How to write task 1…?

Reading Time: 2 minutes
How to write task one....?

How to write task 1 in your IELTS exam is a question in the mind of all the IELTS takers. You will get a diagram that gives you some basic information about a process or a sequence of events. Once you have read the task carefully, you need to plan your answer. Since you have only 20 minutes of advised time to complete the task, you do not have time to write a detailed plan on paper. So you spend two minutes to understand the given task. You need to look into everything noticeable.

Interpreting the task correctly

Interpreting the task correctly will help the examiner to realise that you understand the task clearly. It is important as the examiner is looking for candidates who comprehend english well. Being able to interpret the task well and express it for the reader the reader in reading. Once the reader understands it without looking at the given picture, your reporting is good.


The second of the assessment criteria, based on which your writing is assessed and given a score, is ‘cohesion and coherence’. This part of your writing calls for logical paragraph divisions. And the real components of your report will be well organised paragraphs of Introduction, Body paragraph(s) and a summary for the final paragraph.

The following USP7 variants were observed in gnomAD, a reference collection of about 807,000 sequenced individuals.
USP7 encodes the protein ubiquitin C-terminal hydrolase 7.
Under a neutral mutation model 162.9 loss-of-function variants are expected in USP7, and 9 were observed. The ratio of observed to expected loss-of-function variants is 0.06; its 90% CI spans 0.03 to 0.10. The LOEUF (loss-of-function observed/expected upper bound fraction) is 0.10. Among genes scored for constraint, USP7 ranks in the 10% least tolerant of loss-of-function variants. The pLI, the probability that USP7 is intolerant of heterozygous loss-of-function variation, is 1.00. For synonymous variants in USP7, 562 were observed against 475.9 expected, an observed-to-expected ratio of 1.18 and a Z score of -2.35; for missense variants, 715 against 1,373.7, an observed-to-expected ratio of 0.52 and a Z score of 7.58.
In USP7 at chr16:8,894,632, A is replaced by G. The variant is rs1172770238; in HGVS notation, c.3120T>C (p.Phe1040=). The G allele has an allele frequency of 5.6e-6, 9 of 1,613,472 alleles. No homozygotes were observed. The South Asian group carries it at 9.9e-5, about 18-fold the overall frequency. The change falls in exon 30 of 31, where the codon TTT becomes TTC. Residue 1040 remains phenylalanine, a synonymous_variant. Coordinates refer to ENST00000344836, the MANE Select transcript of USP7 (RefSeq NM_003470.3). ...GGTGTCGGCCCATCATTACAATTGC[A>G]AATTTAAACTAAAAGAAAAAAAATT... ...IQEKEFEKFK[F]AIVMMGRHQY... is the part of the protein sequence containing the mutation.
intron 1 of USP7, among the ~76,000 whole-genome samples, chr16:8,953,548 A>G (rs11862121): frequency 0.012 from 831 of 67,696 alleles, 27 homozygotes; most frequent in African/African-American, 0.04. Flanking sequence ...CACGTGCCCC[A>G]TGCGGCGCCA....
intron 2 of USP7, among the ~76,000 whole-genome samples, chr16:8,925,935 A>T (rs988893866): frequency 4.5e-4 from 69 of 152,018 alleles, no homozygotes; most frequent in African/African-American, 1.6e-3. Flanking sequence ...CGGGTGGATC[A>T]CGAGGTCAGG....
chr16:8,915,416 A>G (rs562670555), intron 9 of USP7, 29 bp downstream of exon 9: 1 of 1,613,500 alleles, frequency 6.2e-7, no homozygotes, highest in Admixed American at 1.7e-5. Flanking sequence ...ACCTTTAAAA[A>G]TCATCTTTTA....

Here your Introduction can be a paraphrase of the description of the task. So that the one who reads the introduction understands what is the report you are submitting about. Introducing the subject to the reader is, however, the purpose of your introduction.

Example question

The diagram below shows the production of steam using a gas cooled nuclear reactor.

Summarise the information by selecting and reporting the main features, and make comparisons where relevant. 

The given diagram illustrates how steam is used in a reactor to prevent overheating while it is powering the turbine.

A gas-cooled nuclear reactor consists of the reactor itself and a heat exchanger. The reactor contains uranium fuel elements which are surrounded by graphite moderators and topped by charge tubes for loading fuel elements, and boron control rods. The whole reactor is contained in a pressure vessel surrounded by a concrete shield.

From the reactor the hot gas flows through a duct into the heat exchanger which is outside the concrete radiation shielding. In the heat exchanger, steam is generated in a secondary loop. There a pipe brings in water which is heated to steam, and this then flows out to the turbo-alternator. Meanwhile the hot gas sinks to the bottom of the heat exchanger and passes through a gas blower which pushes it into a cool gas duct and back to the reactor.

As can be seen, this is a continuous cycle that keeps the reactor from overheating, while carrying away the heat and steam, which will power the turbines.